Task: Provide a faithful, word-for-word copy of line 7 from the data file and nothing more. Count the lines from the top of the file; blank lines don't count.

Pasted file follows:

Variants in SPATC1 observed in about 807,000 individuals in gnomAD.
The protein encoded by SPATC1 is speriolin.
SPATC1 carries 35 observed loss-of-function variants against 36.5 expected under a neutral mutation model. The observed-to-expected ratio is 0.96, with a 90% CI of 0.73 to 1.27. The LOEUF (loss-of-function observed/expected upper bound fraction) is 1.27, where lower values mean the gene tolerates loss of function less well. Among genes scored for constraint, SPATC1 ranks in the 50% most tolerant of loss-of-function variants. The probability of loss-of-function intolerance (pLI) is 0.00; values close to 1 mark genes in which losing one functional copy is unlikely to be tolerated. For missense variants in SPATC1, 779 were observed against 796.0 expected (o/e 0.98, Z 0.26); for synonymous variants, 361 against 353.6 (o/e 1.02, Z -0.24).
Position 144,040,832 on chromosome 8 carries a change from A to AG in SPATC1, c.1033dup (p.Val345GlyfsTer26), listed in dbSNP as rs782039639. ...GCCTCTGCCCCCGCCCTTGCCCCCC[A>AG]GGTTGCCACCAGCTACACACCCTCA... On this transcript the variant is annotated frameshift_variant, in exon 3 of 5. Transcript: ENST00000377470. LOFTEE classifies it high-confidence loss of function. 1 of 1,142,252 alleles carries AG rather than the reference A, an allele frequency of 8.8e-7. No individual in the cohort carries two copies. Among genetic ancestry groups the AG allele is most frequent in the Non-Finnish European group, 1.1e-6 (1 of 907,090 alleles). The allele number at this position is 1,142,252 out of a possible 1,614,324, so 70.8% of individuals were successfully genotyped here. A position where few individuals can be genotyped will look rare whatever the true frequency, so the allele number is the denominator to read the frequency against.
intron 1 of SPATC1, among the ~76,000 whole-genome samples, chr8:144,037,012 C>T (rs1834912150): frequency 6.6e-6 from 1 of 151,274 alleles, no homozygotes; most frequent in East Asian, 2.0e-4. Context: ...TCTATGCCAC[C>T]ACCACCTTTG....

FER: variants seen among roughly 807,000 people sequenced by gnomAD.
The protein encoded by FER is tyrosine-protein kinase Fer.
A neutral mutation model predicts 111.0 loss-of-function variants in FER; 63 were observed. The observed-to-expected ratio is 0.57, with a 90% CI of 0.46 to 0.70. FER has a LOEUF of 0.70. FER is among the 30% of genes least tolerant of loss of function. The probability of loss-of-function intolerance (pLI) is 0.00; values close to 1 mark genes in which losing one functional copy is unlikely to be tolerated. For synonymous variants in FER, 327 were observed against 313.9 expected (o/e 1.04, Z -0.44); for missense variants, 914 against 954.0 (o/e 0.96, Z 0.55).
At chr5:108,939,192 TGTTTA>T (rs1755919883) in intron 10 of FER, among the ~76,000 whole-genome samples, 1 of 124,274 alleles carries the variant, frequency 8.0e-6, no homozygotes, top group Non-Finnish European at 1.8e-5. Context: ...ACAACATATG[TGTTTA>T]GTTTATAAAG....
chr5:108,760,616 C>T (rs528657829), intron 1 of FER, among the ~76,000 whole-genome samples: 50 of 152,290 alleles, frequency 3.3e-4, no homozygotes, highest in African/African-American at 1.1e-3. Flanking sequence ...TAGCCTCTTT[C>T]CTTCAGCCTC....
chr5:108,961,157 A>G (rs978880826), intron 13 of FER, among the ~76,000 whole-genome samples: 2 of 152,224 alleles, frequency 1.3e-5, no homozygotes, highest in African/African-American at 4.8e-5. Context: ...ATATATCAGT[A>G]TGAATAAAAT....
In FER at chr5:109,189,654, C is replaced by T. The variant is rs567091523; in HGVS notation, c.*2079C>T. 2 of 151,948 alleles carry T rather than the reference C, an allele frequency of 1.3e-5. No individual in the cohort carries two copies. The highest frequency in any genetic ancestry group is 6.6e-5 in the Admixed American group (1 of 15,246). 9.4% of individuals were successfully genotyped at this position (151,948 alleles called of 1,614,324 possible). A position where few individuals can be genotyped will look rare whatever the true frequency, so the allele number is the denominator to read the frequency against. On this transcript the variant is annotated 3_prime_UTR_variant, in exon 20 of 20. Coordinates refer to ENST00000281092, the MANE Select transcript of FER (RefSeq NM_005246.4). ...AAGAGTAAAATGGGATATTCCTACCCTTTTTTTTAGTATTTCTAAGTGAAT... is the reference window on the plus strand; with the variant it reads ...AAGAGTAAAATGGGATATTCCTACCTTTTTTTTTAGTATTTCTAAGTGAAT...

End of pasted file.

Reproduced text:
The protein encoded by FER is tyrosine-protein kinase Fer.